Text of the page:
After the first look I published last week of the Plugable NVMe Thunderbolt3 external SSD, now I have my full review and speed tests. I tested three ways: in exFAT formatting (as it comes from the factory), in HFS+ (which Apple likes to call “Mac OS Extended”) and in the latest and greatest APFS (Apple File System), which the newest is most appropriate for flash drives and SSDs with modern versions of macOS. Ahead you’ll see the results with each, with other comments about the SSD and the pros & cons of each formatting system.
Advantages of SSDs over mechanical drives
Compared to the magnetic, mechanical drives with which many of us first learned to use computers, SSDs (solid state drives) are typically more resistant to physical shock, generate less heat, run silently, and have quicker access time and lower latency. Although SSDs are still expensive per GB or TB than mechanical drives, they have fortunately become quite affordable compared to before.
A brief comparison of three disk formats
Although in recent history, we have had formats including FAT12, FAT16, FAT32 and NTFS, in this section I’ll briefly compare exFAT, HFS+ and APFS.
- exFAT (Extensible File Allocation Table) is a file system introduced by Microsoft in 2006 and optimized for flash memory such as USB flash drives and SD cards. macOS began supporting exFAT starting with 10.6.5. For general use, that makes exFAT an ideal lingua franca for external drives which need to be moved around manually (aka “sneaker net”) between macOS and Windows computers. Unfortunately, popular profesional video editing systems like DaVinci Resolve, Final Cut Pro X and Premiere Pro CC used in a macOS environment (or even ProRes in a Windows environment) are known to have problems with exFAT. The Plugable NVMe Thunerbolt3 SSD external SSDs come from the factory formatted with exFAT, but can be easily reformatted to any of the below.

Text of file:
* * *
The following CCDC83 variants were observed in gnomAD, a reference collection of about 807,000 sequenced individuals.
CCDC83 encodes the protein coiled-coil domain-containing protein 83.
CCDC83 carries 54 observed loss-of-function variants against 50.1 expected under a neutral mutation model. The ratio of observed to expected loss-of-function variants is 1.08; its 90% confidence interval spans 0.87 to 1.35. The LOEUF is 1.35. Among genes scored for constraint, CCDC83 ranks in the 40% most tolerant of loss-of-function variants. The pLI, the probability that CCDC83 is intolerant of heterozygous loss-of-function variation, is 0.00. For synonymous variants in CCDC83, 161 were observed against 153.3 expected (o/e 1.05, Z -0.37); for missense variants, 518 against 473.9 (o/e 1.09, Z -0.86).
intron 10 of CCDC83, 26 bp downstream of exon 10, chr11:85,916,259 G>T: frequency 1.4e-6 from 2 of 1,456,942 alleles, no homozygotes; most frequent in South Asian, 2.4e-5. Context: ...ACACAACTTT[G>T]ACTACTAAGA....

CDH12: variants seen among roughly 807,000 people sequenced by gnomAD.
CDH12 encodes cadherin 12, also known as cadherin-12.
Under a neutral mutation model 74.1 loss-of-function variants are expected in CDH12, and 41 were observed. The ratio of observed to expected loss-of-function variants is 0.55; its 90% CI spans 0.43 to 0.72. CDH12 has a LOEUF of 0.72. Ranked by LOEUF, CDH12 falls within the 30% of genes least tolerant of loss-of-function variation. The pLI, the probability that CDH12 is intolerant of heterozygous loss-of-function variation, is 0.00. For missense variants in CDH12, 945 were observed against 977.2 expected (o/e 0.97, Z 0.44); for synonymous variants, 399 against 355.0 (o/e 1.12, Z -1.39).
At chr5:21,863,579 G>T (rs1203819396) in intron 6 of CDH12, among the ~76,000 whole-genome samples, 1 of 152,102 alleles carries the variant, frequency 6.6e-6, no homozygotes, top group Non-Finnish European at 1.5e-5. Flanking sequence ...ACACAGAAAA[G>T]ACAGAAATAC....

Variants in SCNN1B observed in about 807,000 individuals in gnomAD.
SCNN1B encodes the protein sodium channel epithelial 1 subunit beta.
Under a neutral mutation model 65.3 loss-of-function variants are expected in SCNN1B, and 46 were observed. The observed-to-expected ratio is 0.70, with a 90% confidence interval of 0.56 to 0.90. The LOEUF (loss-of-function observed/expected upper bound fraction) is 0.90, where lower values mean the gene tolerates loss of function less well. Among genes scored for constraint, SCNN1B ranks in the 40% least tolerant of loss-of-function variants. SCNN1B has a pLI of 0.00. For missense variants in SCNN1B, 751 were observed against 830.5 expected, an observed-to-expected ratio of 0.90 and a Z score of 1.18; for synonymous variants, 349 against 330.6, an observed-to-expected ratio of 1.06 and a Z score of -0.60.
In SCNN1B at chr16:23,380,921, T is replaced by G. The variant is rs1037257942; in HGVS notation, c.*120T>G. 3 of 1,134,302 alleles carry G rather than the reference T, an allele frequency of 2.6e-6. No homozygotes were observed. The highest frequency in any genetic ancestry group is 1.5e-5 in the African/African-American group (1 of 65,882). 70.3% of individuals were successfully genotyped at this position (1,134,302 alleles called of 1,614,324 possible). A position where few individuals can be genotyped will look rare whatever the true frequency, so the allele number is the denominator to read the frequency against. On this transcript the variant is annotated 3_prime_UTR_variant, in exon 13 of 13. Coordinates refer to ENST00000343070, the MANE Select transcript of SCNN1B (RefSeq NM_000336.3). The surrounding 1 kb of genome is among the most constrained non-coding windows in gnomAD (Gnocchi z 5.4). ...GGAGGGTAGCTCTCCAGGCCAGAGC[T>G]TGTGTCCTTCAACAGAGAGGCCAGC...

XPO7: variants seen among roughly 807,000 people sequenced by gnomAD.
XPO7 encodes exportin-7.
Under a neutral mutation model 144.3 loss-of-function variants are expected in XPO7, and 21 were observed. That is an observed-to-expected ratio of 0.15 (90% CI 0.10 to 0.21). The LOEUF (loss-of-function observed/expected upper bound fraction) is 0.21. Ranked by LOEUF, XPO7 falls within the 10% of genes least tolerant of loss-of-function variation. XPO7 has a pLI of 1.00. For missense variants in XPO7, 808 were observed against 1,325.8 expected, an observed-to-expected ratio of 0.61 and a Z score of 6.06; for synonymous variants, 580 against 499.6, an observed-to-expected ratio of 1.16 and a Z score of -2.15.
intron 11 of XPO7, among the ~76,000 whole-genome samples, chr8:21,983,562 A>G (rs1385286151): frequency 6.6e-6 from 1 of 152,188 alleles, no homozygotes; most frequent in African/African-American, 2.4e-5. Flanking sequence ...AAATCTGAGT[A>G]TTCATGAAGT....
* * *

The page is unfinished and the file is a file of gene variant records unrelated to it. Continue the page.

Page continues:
- HFS Plus or HFS+ (with or without journaling) is a file system developed by Apple Inc. It replaced the Hierarchical File System (HFS) as the primary file system of Apple computers with the 1998 release of Mac OS 8.1. HFS+ continued as the primary Mac OS X file system until it was itself replaced with the release of the Apple File System (APFS) with macOS High Sierra in 2017. The use of HFS+ is possible with Windows computers only by adding optional, third-party software to Windows.
- Apple File System (APFS) is a file system for macOS High Sierra (10.13) and later, iOS 10.3 and later, tvOS 10.2 and later, and watchOS 3.2 and later, developed and deployed by Apple Inc. APFS was designed with the goal to fix the main problems of HFS+. The use of APFS is possible with Windows computers only by adding optional, third-party software to Windows.
Speed tests with three different formatting systems
Below are speed tests done with the same Plugable NVMe Thunderbolt3 SSD unit supplied by the manufacturer. We thank Blackmagic Design for the free Disk Speed Test for video use, and to Memo Sauceda who fortunately has a MacBook Pro with Thunderbolt3.
Above, with exFAT (as the drive arrived from the factory) connected to macOS.
Above, with HFS+ journaled connected to macOS.
Above, with APFS connected to macOS.
Although they vary, all measurements are extraordinary. In the past, this type of performance would have required a much more costly RAID of mechanical disks, which would be much more complex, noisy and require much more power.
Conclusions and pricing
I am impressed with the Plugable NVMe Thunerbolt3 SSD external SSD for several reasons: build quality, the fact that it is silent, bus-powered (no external electricity required), speed and cool-temperature running. Hopefully, it will be just as reliable as other SSDs I have used. The Plugable Thunderbolt 3 NVMe External SSD is available now for $299 for the 1 TB version and US$$499 for the 2 TB version (Amazon link) with a launch discount of $50 off the 1TB drive, and $100 off the 2TB drive.
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